Friday, October 8, 2010

Trees Don't Grow to the Sky

The Current Financial Model at

The University of Minnesota

is Broken

There is a certain irony to the disclosure that one of the big drivers for cost at the U is student financial aid. This is the result of a shell game that has been played by the Morrill Hall Gang for the last ten years. The president has proclaimed that it is acceptable to have a high tuition model, because financial aid will pay for those who can't afford the high tuition. Unfortunately it is becoming more and more apparent that most people can't... First low income students needed a great deal of financial aid and now we are gradually having to work our way up through the middle class. This cannot go on.

The scene is reminiscent of the Sorcerer's apprentice - tuition is jacked up and most of the proceeds are used, indirectly, in a mad dash to increase financial aid. The rest of it is sucked into the notorious cost pools. Thus the tuition increase results in...practically no new revenue that is used for educational purposes.

The financial model at the U is broken. And further rounds of the same old shell game will not fix it.

"Dean Parente said that CLA's cost pools have increased by 7% from FY10 to FY11, and part of those increases are tied to the cost of the Minnesota Promise scholarships (undergraduate financial aid), which are charged to the cost pools. That is not a sustainable position."

"The University needs to think about whether it can afford the increases in financial aid... Normally matches come from outside funds to encourage more giving, Dean Davis-Blake observed, but for the University to raise $1 million and take $1 million out of its own pocket forever to match the funds raised is unusual. She concurred with Dean Parente: The growth in financial aid is not sustainable."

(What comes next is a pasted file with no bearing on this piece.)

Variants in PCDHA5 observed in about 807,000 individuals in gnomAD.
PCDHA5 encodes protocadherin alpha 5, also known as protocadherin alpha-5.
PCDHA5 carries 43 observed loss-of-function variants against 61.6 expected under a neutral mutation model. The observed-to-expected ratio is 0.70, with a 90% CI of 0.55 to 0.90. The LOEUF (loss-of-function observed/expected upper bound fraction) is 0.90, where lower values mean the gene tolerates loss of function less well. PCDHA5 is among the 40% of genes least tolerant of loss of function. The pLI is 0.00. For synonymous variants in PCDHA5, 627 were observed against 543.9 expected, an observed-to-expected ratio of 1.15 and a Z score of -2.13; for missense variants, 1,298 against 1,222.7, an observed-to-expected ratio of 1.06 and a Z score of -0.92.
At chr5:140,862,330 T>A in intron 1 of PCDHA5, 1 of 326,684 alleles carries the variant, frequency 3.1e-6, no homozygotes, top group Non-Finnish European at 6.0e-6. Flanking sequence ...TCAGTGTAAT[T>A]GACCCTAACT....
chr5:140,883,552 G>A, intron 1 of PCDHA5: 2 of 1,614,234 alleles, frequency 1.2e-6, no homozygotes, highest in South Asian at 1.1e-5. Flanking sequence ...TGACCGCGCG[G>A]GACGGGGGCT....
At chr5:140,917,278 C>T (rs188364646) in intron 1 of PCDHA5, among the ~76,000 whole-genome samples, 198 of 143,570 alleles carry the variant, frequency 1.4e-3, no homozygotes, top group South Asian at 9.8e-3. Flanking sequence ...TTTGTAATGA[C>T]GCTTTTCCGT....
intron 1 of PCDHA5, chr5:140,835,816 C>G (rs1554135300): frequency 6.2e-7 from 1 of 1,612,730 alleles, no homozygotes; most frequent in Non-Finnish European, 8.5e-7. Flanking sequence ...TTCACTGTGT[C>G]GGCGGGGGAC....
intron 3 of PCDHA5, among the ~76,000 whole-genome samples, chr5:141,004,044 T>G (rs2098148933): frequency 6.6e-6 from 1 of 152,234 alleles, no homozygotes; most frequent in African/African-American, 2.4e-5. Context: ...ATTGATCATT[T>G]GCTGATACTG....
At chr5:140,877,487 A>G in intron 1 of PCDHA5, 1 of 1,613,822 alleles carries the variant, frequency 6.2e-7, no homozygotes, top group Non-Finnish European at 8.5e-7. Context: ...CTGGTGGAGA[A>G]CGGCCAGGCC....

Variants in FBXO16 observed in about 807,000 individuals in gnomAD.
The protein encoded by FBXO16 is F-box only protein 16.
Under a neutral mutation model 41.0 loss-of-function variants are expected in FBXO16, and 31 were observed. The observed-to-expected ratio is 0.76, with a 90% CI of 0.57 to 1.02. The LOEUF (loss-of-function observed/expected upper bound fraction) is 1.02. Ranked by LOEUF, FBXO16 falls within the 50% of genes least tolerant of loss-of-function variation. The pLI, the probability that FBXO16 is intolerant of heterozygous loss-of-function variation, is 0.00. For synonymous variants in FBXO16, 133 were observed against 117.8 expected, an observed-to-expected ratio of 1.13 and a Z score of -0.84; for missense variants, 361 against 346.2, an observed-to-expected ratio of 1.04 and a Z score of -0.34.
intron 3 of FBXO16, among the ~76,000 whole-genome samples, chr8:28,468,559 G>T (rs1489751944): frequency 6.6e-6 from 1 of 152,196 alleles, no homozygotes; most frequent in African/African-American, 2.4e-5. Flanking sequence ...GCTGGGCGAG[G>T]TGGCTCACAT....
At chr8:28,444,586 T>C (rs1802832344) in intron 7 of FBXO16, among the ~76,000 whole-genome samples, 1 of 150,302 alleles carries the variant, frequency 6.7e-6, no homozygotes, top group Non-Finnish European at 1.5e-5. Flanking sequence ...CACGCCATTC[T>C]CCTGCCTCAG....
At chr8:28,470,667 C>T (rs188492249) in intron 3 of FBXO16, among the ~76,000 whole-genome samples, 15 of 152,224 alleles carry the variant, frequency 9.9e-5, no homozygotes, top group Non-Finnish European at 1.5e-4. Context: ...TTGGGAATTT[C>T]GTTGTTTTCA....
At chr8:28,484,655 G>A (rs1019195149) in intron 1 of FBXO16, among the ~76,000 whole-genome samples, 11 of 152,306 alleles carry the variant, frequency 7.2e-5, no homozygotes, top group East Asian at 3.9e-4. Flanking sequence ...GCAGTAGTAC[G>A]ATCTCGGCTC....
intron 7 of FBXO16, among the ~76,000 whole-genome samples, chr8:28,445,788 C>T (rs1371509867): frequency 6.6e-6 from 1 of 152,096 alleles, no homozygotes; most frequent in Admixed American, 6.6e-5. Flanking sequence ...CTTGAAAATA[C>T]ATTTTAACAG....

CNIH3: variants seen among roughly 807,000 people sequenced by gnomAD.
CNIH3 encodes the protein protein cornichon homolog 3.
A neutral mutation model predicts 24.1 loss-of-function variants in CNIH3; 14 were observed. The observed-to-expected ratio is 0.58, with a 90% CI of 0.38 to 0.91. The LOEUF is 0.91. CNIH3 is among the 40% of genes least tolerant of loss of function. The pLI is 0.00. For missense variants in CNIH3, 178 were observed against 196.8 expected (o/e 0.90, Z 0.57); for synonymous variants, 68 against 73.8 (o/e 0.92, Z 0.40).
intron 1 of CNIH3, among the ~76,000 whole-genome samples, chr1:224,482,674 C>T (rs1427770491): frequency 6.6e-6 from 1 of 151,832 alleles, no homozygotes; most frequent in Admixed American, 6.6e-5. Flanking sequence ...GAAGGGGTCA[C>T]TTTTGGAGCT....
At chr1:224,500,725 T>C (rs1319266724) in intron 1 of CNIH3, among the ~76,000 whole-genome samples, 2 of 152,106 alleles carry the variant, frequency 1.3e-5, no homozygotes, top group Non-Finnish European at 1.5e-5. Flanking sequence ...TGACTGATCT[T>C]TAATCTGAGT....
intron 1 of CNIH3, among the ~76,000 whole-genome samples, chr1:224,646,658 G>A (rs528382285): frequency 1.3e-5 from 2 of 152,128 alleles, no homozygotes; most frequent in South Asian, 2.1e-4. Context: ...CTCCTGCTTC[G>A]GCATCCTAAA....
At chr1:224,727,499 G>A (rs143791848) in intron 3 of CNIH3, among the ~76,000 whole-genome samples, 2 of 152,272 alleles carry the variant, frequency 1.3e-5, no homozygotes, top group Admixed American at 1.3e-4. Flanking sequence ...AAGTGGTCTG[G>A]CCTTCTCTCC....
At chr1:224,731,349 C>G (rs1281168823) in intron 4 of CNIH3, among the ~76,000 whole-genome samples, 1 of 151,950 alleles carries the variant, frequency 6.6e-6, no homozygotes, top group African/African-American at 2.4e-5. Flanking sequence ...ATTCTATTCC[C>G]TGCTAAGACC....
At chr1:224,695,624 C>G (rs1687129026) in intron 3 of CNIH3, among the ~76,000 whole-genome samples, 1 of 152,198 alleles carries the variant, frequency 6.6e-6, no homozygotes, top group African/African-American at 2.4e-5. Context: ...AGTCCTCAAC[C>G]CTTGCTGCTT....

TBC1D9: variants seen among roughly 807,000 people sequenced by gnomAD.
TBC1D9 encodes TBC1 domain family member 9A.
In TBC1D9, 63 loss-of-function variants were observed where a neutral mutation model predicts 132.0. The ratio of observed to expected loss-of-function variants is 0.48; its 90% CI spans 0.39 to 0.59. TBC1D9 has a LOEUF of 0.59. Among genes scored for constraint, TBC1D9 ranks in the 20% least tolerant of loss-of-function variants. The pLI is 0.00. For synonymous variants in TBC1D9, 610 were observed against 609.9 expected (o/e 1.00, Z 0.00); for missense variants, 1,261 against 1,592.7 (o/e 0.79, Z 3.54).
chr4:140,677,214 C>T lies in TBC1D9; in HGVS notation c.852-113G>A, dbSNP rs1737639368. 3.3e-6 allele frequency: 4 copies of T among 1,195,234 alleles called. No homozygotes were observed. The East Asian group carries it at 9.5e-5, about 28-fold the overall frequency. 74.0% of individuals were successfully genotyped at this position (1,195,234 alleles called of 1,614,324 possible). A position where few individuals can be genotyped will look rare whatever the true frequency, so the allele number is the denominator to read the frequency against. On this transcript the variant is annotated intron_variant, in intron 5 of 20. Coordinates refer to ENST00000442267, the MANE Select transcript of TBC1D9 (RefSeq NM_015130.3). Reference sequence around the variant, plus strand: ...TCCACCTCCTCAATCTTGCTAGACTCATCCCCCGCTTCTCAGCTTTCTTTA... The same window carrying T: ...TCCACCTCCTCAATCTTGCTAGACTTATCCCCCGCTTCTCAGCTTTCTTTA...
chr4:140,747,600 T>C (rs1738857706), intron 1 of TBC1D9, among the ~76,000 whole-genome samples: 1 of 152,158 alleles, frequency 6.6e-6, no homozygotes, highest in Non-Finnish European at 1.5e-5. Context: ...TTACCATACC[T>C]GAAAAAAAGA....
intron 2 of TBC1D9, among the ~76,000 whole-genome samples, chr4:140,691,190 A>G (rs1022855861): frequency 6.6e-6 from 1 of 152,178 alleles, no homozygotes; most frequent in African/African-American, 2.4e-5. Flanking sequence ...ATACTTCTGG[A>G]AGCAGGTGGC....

"Dean Finnegan said he agreed with the foregoing comments."

"Many deans believe that we cannot sustain this tuition buy-down by, in effect, eating our own seed corn. That is not sustainable, he said. He said he does not want to see even higher tuition increases, but using University funds to make up the loss of state investment means losing quality and falling into a slow downward spiral. Then who will want to attend the University? "

"Another point, Dean Finnegan said, is that the budget decision-making process is done backwards. The University starts with the cost pools, not the revenue-generating units. Professor Martin said that everyone knows there will be a new president soon. In the search process, it would make sense for anyone meeting with candidates to talk with them about the need to reverse the order of the process."
Source: Senate Committee on Finance and Planning
Tuesday, September 21, 2010

"The fault, dear Brutus, is not in our stars,
But in ourselves, that we are underlings." 


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